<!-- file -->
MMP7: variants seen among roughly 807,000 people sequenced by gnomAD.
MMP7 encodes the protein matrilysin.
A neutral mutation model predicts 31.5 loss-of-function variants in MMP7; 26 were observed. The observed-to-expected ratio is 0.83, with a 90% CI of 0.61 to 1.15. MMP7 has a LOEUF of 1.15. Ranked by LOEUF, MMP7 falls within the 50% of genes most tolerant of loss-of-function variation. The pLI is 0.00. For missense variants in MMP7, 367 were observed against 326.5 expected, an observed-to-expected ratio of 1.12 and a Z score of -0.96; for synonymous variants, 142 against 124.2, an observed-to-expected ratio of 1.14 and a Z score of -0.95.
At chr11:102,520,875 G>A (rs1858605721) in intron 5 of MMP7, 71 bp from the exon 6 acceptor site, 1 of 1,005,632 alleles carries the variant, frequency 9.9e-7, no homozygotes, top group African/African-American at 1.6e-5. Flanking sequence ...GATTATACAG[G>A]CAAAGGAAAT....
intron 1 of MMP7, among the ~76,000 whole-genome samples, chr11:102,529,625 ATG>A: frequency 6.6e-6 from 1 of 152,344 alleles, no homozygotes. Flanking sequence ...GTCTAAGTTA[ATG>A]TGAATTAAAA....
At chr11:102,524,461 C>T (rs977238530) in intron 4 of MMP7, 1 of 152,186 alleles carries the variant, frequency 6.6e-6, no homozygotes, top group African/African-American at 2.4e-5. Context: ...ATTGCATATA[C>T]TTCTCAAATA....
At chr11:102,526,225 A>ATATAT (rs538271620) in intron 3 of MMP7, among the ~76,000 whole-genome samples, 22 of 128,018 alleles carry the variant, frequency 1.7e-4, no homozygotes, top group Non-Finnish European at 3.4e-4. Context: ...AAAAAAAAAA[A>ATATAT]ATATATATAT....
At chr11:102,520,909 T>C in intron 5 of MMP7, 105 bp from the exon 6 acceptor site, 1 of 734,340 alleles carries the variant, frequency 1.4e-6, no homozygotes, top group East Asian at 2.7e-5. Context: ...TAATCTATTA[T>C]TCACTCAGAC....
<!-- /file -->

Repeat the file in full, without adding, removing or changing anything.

MMP7: variants seen among roughly 807,000 people sequenced by gnomAD.
MMP7 encodes the protein matrilysin.
A neutral mutation model predicts 31.5 loss-of-function variants in MMP7; 26 were observed. The observed-to-expected ratio is 0.83, with a 90% CI of 0.61 to 1.15. MMP7 has a LOEUF of 1.15. Ranked by LOEUF, MMP7 falls within the 50% of genes most tolerant of loss-of-function variation. The pLI is 0.00. For missense variants in MMP7, 367 were observed against 326.5 expected, an observed-to-expected ratio of 1.12 and a Z score of -0.96; for synonymous variants, 142 against 124.2, an observed-to-expected ratio of 1.14 and a Z score of -0.95.
At chr11:102,520,875 G>A (rs1858605721) in intron 5 of MMP7, 71 bp from the exon 6 acceptor site, 1 of 1,005,632 alleles carries the variant, frequency 9.9e-7, no homozygotes, top group African/African-American at 1.6e-5. Flanking sequence ...GATTATACAG[G>A]CAAAGGAAAT....
intron 1 of MMP7, among the ~76,000 whole-genome samples, chr11:102,529,625 ATG>A: frequency 6.6e-6 from 1 of 152,344 alleles, no homozygotes. Flanking sequence ...GTCTAAGTTA[ATG>A]TGAATTAAAA....
At chr11:102,524,461 C>T (rs977238530) in intron 4 of MMP7, 1 of 152,186 alleles carries the variant, frequency 6.6e-6, no homozygotes, top group African/African-American at 2.4e-5. Context: ...ATTGCATATA[C>T]TTCTCAAATA....
At chr11:102,526,225 A>ATATAT (rs538271620) in intron 3 of MMP7, among the ~76,000 whole-genome samples, 22 of 128,018 alleles carry the variant, frequency 1.7e-4, no homozygotes, top group Non-Finnish European at 3.4e-4. Context: ...AAAAAAAAAA[A>ATATAT]ATATATATAT....
At chr11:102,520,909 T>C in intron 5 of MMP7, 105 bp from the exon 6 acceptor site, 1 of 734,340 alleles carries the variant, frequency 1.4e-6, no homozygotes, top group East Asian at 2.7e-5. Context: ...TAATCTATTA[T>C]TCACTCAGAC....